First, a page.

American Artist Janet Echelman is to premiere her latest, and largest, sculpture in Vancouver. Widely known for her artistic ability to reshape urban airspace, Echelman's sophisticated mixture of ancient craft and modern technology has led to collaborations with aeronautical and mechanical engineers, architects, lighting designers, landscape architects, and fabricators to "transform urban environments world wide with her net sculptures." Using a light weight fibre to elevate her monumental "breathing" forms above the streets of urban centres, Echelman's new sculpture will be of a size and scale never before attempted.
Honeywell Spectra Fiber, Echelman's material of choice, is "pound-for-pound fifteen times stronger than steel but light enough to float," giving Echelman’s sculpture the strength it needs to sustain winds of up to 96 miles per hour while remaining light enough to attach to existing buildings and withstand eventual transportation with ease. The sculpture's first installation will suspend 745 feet across the waterfront between the Fairmont Waterfront Hotel and the Vancouver Convention Center.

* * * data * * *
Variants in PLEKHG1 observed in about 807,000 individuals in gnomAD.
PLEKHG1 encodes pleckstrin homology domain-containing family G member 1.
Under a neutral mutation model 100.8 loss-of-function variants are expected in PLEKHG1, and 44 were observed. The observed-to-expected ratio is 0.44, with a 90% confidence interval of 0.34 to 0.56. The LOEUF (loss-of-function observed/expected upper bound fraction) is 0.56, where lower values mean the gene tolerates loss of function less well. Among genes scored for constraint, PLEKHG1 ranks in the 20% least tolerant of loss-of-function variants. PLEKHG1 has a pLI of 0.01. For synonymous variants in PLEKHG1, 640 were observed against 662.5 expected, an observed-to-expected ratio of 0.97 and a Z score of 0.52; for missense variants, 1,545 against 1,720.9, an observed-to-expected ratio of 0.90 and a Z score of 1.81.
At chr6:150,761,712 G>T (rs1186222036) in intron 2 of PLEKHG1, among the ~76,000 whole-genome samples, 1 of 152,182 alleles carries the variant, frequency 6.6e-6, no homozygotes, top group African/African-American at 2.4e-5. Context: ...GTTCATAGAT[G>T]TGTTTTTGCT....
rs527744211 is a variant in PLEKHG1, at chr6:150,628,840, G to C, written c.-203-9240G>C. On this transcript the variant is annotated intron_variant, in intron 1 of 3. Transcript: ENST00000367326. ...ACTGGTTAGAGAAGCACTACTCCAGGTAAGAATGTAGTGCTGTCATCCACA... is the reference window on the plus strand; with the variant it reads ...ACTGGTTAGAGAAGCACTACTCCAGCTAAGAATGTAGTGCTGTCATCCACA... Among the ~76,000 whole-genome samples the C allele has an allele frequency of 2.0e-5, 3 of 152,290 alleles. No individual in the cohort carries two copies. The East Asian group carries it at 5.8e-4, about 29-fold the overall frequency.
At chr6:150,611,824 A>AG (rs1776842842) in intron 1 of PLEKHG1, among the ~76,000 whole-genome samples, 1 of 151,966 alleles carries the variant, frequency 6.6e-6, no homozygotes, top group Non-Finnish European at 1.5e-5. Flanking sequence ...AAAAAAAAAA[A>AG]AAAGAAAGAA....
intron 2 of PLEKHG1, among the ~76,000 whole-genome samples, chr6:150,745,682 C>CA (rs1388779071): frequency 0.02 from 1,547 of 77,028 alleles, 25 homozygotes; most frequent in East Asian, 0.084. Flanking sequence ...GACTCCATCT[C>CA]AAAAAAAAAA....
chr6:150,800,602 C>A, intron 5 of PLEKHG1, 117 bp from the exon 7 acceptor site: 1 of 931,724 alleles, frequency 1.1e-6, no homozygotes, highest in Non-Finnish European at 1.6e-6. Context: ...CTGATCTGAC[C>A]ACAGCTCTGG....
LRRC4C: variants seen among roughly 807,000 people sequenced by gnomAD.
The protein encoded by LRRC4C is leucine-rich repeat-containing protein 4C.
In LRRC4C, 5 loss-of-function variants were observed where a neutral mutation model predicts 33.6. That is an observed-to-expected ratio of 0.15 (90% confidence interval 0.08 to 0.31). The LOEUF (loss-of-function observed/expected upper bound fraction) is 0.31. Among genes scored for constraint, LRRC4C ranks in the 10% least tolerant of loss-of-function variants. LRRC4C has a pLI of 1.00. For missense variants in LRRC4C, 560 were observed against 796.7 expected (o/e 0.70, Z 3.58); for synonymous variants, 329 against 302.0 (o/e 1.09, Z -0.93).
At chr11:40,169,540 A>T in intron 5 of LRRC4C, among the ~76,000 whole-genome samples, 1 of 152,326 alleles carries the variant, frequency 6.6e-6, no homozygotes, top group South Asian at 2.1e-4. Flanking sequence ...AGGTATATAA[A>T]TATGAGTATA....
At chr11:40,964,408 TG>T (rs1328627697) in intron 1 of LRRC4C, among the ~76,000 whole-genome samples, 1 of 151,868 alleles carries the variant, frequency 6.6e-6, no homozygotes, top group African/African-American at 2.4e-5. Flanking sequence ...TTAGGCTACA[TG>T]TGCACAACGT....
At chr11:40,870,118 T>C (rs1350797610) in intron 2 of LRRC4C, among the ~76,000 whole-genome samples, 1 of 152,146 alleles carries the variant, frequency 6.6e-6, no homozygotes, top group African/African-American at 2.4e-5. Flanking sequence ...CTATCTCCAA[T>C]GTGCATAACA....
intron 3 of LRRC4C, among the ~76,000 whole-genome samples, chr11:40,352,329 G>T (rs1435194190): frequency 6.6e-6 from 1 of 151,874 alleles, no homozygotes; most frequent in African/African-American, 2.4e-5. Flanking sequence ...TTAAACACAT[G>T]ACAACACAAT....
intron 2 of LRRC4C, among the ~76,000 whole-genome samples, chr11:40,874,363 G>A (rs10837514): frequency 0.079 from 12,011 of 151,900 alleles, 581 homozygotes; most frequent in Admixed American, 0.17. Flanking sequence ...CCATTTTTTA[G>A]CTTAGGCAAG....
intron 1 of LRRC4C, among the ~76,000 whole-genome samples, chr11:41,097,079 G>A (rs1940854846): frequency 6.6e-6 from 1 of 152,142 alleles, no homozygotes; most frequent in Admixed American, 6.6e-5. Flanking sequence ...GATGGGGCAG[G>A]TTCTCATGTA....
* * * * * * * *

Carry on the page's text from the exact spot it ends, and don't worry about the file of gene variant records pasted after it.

According to Echelman, "the fiber gives my work the strength it needs but allows me to create a structure that is light and delicate so that it moves with the wind." According to Honeywell Spectra Fiber, their made from "ultra-high-molecular-weight polyethylene using a patented gel-spinning process. The fibre exhibits high resistance to chemicals, water, and ultraviolet light."
The sculpture will premiere on the 15th March 2014 in conjunction with the TED conference’s 30th anniversary in Vancouver.
See more of Janet Echelman's work on ArchDaily here.